So I came out of the closet yesterday. You know I tend to be TMI. Well, now you know not only my bedroom habits but my exercise habits.
I’ve been reading and talking to true believers about Crossfit (CF) for a few years–almost since the day I went Paleo. It was through Paleo that I discovered the CF world. But as a personal trainer, I was skeptical. The CF world is populated with slogans about pain and excess and Youtube videos showing Jackass-type challenges and dangerous technique.
But I have my own mind.
So I’ve read and watched and talked to people about their experiences. Besides, I know full well I shouldn’t judge a theory by what its stupidest adherents do. Else I wouldn’t be a Christian.
I read a lot and try new exercises with myself all the time. If they work and are safe and fun, I try them with my clients. In my fitness & training journey, what I’ve discovered is that I’ve been naturally moving toward CF style workouts.
My favorite parts of CF so far:
1) Focus on mobility/flexibility. You don’t hear about this part of CF because you see only the intensity and competition. But fundamentals start with spine, hip, and shoulder mobility that will give power to all your lifts.
2) Core is developed as part of all the compound movements, not in isolated abs exercises like crunches and sit ups. This is part of my point about how my workouts have organically progressed toward CF: real strength, flexibility, and metabolic enhancement come from compound, functional exercises.
3) Workouts are about what will make you strong not pretty.
Paradigms Are Shifting
To see what I mean, just consider the world of nutrition.
Paleo came on as a grassroots movement that bucked the established guidelines, took a lot of criticism, and has helped demonstrate that the “science” of nutrition was corrupted by politics. Now, clinical research is supporting our anecdotal evidence (admittedly, no long-range studies yet). CF is doing this for fitness in the same way: functional, full body, intense workouts are replacing isolated, machine-based, moderate cardio workouts. CF has helped drive this.
Here is a summary of CF from one of its founders, Greg Glassman, at crossfit.com:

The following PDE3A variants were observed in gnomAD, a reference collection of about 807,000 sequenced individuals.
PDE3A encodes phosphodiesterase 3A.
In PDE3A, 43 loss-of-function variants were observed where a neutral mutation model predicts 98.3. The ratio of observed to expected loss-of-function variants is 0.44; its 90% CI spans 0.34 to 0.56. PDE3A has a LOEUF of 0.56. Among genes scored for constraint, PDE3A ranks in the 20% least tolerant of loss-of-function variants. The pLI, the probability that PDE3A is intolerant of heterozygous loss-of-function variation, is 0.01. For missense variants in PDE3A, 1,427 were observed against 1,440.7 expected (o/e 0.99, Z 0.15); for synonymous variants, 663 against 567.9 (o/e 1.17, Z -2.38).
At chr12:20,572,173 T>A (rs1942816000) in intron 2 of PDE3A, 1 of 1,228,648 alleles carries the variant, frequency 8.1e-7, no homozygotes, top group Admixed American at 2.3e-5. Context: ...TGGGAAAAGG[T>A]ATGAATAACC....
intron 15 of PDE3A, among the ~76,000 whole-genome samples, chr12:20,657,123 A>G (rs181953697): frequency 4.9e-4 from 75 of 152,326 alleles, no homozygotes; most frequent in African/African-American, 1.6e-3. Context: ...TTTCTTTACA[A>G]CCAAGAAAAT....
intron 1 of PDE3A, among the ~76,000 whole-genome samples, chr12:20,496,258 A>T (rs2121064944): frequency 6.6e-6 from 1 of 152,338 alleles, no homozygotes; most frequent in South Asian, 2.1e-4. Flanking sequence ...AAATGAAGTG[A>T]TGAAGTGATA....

Eat meat and vegetables, nuts and seeds, some fruit, little starch and no sugar. Keep intake to levels that will support exercise but not body fat. Practice and train major lifts: Deadlift, clean, squat, presses, C&J, and snatch. Similarly, master the basics of gymnastics: pull-ups, dips, rope climb, push-ups, sit-ups, presses to handstand, pirouettes, flips, splits, and holds. Bike, run, swim, row, etc, hard and fast. Five or six days per week mix these elements in as many combinations and patterns as creativity will allow. Routine is the enemy. Keep workouts short and intense. Regularly learn and play new sports.
Glassman also explains how he arrived at the CF philosophy:
CrossFit is in large part derived from several simple observations garnered through hanging out with athletes for thirty years and willingness, if not eagerness, to experiment coupled with a total disregard for conventional wisdom. Let me share some of the more formative of these observations:
1. Gymnasts learn new sports faster than other athletes.
2. Olympic lifters can apply more useful power to more activities than other athletes.
3. Powerlifters are stronger than other athletes.
4. Sprinters can match the cardiovascular performance of endurance athletes even at extended efforts.
5. Endurance athletes are woefully lacking in total physical capacity.
6. With high carb diets you either get fat or weak.
7. Bodybuilders can’t punch, jump, run, or throw like athletes can.
8. Segmenting training efforts delivers a segmented capacity.
9. Optimizing physical capacity requires training at unsustainable intensities.
10. The world’s most successful athletes and coaches rely on exercise science the way deer hunters rely on the accordion.
Now, I’ve seen the criticism of this explanation. No, it’s not scientific, nor a defensible argument of logic. It’s not meant to be. It’s about personal experience and judgments that have led step-by-step to engaging more people in better exercise.
Why do you hate CF?
Because you are looking at the stupid people. And you are listening to people you consider experts without a good measure of skepticism at their motives.
Find a gym (box) near you and take the fundamentals course. Ease into the workout of the day (WOD) sessions at the box. Find a trainer who can watch your technique before you increase your load or speed. Find a box where there are not too many people for the trainers to watch, where they watch you (and not work out themselves), and where the trainers are knowledgeable.
You should probably realize that a personal trainer can get certification through an online test and never step into a gym nor do an exercise themselves. A Crossfit instructor must a least take one hands-on workshop. Of course, neither guarantees you a knowledgeable or safe trainer.
As always, my advice is think for yourself.